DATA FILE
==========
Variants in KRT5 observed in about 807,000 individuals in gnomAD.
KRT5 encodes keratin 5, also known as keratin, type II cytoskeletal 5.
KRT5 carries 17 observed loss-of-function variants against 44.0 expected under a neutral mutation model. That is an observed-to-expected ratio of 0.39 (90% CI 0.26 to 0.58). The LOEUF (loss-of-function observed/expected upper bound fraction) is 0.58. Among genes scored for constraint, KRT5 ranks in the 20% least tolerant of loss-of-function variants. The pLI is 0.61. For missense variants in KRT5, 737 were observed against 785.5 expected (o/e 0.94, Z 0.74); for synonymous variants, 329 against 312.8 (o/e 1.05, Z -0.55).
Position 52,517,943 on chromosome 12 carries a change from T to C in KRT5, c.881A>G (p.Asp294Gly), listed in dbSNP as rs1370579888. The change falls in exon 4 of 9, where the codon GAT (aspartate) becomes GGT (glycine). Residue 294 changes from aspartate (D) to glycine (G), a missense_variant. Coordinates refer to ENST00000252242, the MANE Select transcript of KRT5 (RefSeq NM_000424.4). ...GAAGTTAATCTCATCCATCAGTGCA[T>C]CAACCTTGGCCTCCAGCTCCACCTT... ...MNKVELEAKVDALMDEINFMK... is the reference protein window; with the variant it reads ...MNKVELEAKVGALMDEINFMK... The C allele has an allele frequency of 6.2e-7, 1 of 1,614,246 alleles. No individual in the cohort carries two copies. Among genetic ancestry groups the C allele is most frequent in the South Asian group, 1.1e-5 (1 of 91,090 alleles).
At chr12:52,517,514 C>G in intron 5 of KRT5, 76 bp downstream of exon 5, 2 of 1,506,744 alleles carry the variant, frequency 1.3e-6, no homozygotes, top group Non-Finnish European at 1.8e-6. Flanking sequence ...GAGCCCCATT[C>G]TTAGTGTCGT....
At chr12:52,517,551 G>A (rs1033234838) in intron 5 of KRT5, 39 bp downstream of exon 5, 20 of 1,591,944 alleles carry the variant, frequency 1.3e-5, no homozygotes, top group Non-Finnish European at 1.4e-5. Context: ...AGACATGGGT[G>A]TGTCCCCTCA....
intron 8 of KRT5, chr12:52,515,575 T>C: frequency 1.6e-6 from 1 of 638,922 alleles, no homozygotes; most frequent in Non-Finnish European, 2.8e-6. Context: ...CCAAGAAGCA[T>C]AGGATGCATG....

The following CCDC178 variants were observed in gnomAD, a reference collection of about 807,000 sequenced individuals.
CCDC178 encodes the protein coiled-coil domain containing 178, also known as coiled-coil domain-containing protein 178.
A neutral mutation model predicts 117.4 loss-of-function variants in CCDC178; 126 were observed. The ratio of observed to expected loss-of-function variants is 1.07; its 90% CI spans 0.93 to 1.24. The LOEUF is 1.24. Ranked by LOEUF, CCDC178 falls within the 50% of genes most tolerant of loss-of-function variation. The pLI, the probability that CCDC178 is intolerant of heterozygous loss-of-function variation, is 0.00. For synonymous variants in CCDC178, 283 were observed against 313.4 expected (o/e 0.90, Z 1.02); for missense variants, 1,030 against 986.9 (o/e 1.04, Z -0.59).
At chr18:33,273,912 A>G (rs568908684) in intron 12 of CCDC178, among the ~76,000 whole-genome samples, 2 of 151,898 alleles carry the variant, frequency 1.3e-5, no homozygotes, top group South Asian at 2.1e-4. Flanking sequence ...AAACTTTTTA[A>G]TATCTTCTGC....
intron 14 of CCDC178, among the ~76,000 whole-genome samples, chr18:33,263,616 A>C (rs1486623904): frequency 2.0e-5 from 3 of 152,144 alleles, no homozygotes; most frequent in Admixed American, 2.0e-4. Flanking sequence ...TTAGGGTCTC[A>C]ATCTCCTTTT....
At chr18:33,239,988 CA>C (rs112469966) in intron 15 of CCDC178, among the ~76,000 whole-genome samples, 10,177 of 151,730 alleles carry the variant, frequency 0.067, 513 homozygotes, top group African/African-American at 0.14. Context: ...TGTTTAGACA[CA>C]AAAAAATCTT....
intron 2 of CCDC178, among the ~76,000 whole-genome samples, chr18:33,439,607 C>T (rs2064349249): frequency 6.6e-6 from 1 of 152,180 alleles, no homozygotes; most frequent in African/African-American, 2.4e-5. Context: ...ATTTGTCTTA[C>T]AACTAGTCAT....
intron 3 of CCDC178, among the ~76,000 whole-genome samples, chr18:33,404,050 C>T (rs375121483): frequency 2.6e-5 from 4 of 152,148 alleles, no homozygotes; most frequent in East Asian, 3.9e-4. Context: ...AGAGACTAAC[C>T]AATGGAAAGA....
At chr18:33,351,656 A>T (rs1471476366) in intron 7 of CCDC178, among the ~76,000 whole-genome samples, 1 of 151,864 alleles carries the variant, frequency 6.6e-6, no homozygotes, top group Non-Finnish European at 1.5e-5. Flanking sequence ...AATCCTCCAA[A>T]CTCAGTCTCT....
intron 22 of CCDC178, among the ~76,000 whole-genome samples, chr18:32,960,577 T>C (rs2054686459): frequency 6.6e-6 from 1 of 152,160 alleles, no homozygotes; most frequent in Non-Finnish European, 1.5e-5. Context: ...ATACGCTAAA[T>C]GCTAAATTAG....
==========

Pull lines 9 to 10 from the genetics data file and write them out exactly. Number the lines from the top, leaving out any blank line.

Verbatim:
CCDC178 encodes the protein coiled-coil domain containing 178, also known as coiled-coil domain-containing protein 178.
A neutral mutation model predicts 117.4 loss-of-function variants in CCDC178; 126 were observed. The ratio of observed to expected loss-of-function variants is 1.07; its 90% CI spans 0.93 to 1.24. The LOEUF is 1.24. Ranked by LOEUF, CCDC178 falls within the 50% of genes most tolerant of loss-of-function variation. The pLI, the probability that CCDC178 is intolerant of heterozygous loss-of-function variation, is 0.00. For synonymous variants in CCDC178, 283 were observed against 313.4 expected (o/e 0.90, Z 1.02); for missense variants, 1,030 against 986.9 (o/e 1.04, Z -0.59).